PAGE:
Vinegar is a jack-of-all-trades around the home. In addition to the zing it adds to culinary dishes, it's known as a great chemical-free window cleaner, disinfectant, stain remover, and more -- and its uses carry right on out the door. Yes, vinegar can be used as a weed killer, too. It is an option for organic gardeners or those who are looking for products that are less harsh on the environment than chemical herbicides.
Typical white vinegar in the grocery store is 5% vinegar (acetic acid) and 95% water. While this vinegar can be used on weeds, it has its limitations. It works best on young, annual weeds that are less than two weeks old, and it might require several applications. Give household vinegar a try on weeds that pop up in between concrete seams in sidewalks and driveways. It's usually easy to spray the vinegar in these areas without getting it on other plants.
Household vinegar doesn't work as well on older weeds or perennials. Drenching the roots will likely be required -- fall is a good time to do this -- and even then, it's tough for household vinegar to do the job. For greater effectiveness in getting rid of tough, perennial weeds, a 20% vinegar solution is best. This type of vinegar can be found at garden centers or farm stores. If it's not available, ask the store to order it.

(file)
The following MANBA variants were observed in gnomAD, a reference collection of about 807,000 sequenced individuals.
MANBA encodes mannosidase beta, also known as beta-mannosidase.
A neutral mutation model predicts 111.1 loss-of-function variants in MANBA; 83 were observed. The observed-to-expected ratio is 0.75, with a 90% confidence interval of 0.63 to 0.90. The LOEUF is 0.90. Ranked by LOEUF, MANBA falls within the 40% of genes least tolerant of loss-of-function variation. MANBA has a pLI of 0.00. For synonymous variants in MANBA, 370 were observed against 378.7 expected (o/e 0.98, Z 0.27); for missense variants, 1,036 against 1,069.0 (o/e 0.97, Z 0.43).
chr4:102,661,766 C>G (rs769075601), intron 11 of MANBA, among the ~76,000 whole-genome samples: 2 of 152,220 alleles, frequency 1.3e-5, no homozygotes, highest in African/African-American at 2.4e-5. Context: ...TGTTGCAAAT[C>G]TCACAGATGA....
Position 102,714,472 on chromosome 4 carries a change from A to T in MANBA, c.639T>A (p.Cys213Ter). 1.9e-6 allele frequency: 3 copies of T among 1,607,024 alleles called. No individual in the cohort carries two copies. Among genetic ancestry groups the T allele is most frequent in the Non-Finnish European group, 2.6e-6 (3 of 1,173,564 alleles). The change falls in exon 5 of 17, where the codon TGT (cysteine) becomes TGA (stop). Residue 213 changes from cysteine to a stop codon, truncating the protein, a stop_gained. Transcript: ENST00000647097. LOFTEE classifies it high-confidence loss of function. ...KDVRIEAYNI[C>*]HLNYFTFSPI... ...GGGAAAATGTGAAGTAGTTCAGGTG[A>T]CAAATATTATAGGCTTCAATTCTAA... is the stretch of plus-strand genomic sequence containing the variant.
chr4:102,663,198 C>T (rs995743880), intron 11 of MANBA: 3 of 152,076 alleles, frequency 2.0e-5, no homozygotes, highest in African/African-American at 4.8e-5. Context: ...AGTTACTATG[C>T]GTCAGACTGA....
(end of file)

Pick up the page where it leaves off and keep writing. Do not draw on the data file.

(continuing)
As with any weed killer, select a day that isn't windy or rainy to apply. Wind can carry the vinegar to places you don't want it. Rain weakens it, diluting its effectiveness. In addition, when using higher concentrations of vinegar, follow the safety precautions of other herbicides: Don't get it on your skin or in your eyes, and don't ingest it. Unlike the household vinegar found in grocery stores, the higher concentrated vinegars can burn skin and harm eyes.
Vinegar is nonselective, meaning it will harm other plants and grass, not just the weeds you are trying to kill. If you spray the vinegar onto weeds, make sure it isn't hitting other plants. If that isn't possible, "paint" the vinegar onto the weeds with a brush. Make sure the vinegar has contact with all the foliage. The acetic acid in the vinegar will burn and dry out the leaves.